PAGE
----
Over the past fifteen years, storage vendors looking to replace tape as the primary backup media have sounded its death knell far and wide. But tape has hung around as the de facto standard for many enterprises. That is, until now.
Tape has been through a lot in its life. Today’s IT teams view disk as the first destination for backup copy. The reliance on tape as the primary backup copy has plummeted yet further with the introduction of deduplication into the backup stream (source or target). Also check out the steady growth of Purpose-Built Backup Appliance (PBBA) vendors to see what’s happening in the market.
And yet. While some vendors have achieved incredible success replacing tape with disk storage, the big T still refuses to die. Why is disk-to-disk-to-tape (D2D2T) still alive? And why hasn’t deduplication strangled tape with its own ribbon?
Dismal Alternatives Keep Tape Alive
The scale and cost limitations of legacy backup software and appliance-based deduplication products have done wonders to keep tape alive. For example, when architecting deduplication into the backup stream, vendors expend significant care and resources to ensure that the optimal hardware recommendations are included in the design. Much care needs to be given to how big a dedupe database or index will grow before a “seal and re-baseline” needs to occur to maintain optimal performance. With continued planning and maintenance this can be achieved, however, when things go wrong there’s hell to pay.
Under-configuration can cause massive performance issues to snowball into larger problems down the line. Hardware issues can also cause the failure of databases and indexes core to the design, making rip and replace common. Scaling out when you want to scale up adds up, as does constant overbuying and oversubscribing. Repeated upgrades and the addition of resources becomes the norm. Moreover, the “best practice” of creating a second copy for offsite, DR, and redundancy requires 2x resources.
The endgame of all this is the creation of silos. And silos increase cost, which in turn makes it difficult to get rid of tape.
Something has Changed in the Past Five Years
What is the most disruptive force to hit enterprise technology in decades? Ask any analyst and the answer will likely be cloud. And I’m not talking about managed services or simply co-locating a legacy product which just brings all the existing limitations with it, I’m talking Cloud with a capital C. Specifically, Amazon Web Services (AWS) which has enabled software developers to design technologies with nearly unlimited scale.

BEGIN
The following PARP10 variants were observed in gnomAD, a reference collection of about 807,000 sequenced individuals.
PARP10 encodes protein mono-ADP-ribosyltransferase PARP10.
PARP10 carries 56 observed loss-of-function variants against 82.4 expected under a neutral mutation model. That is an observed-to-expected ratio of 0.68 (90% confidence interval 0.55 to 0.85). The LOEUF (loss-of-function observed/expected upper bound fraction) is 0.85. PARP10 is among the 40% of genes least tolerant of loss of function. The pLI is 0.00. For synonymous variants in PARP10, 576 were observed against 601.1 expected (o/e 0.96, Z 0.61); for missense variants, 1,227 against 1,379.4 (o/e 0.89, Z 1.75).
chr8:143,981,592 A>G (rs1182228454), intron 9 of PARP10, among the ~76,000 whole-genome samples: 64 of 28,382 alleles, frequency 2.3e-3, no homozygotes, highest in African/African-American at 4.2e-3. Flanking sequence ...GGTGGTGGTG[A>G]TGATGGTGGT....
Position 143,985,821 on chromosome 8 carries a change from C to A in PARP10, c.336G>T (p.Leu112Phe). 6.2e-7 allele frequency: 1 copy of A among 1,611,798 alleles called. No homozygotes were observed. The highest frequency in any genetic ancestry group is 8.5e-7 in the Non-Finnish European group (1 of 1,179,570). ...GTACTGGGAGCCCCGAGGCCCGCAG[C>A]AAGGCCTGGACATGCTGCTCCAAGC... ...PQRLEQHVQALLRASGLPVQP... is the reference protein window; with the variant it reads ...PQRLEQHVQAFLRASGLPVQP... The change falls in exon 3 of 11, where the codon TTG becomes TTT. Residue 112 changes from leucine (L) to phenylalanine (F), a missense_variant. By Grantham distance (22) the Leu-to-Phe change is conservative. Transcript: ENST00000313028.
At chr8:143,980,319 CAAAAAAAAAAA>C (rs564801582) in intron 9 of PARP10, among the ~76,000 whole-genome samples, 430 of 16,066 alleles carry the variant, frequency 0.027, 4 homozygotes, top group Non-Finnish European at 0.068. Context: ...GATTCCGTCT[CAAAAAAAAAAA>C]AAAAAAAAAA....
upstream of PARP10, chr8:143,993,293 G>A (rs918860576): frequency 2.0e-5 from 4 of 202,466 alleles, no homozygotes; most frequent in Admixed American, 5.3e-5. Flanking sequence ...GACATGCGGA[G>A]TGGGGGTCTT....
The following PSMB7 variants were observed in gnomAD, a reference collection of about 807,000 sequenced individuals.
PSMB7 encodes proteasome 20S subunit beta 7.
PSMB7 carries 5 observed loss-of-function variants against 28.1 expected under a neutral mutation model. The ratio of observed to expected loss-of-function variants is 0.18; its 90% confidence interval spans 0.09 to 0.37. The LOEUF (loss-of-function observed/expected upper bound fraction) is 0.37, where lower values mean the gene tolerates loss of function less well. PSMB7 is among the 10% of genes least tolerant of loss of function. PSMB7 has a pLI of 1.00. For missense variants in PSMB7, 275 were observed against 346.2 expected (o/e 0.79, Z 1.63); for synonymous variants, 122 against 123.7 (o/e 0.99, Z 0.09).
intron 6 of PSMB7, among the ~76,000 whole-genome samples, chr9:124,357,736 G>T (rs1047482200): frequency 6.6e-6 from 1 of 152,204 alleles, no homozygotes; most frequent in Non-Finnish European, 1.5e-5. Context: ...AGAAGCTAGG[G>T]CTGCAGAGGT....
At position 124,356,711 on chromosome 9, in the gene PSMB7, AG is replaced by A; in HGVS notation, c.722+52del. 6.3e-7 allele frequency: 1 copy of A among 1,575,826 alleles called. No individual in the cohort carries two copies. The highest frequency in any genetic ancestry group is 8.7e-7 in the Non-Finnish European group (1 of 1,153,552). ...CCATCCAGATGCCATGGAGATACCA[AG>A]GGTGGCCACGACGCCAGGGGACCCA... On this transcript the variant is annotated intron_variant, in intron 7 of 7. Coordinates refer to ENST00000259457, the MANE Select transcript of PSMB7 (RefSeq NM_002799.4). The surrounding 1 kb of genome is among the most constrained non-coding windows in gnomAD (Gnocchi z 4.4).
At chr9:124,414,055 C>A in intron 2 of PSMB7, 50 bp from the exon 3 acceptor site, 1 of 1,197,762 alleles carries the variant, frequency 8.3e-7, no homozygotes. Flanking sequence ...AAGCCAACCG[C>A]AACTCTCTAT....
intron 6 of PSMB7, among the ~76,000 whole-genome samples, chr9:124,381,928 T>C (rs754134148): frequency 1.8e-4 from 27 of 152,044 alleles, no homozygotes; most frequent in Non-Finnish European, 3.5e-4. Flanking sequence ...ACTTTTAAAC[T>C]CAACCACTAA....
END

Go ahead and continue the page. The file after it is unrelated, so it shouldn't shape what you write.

Building for the cloud has removed many of the bottlenecks that still hamper traditional vendors. By building cloud solutions that leverage technologies like DynamoDB, infinitely scalable S3 Object Storage, and on-demand compute resources, software developers can now scale components and design services to unprecedented levels. Accordingly, vendors like Druva are now starting to introduce solutions that have these capabilities.
Long-term Backup Meets Cloud
Born in the cloud, Druva’s Phoenix solution addresses the cost considerations that have kept tape alive for long-term backup. By addressing the traditional pain points of legacy deduplication solutions, Druva provides:
A key benefit of Druva’s modern architecture is that it allows us to offer a usage-based pricing model for copy data. By only paying for what you use post dedupe, leveraging the cloud for long term backup and archive becomes cost effective and predictable. In addition, as a turnkey SaaS solution with setup times measured in minutes not weeks, Druva eliminates the challenges of traditional backup deployment. All of this enables organizations to achieve a total cost of ownership (TCO) that either matches or beats the cost of long term tape management.
Tape served its purpose and had a good run. However, the time has come for D2D2T to become disk-to-disk-to-cloud. If you’re looking to hasten tape’s inevitable demise, cloud backup powered by Druva Phoenix is just the tool you’re looking for.
Interested in learning how to leverage the public cloud for state-of-the-art backup, archiving, and disaster recovery? Download the executive brief below titled ‘Leveraging The Public Cloud for Enterprise Data Protection.’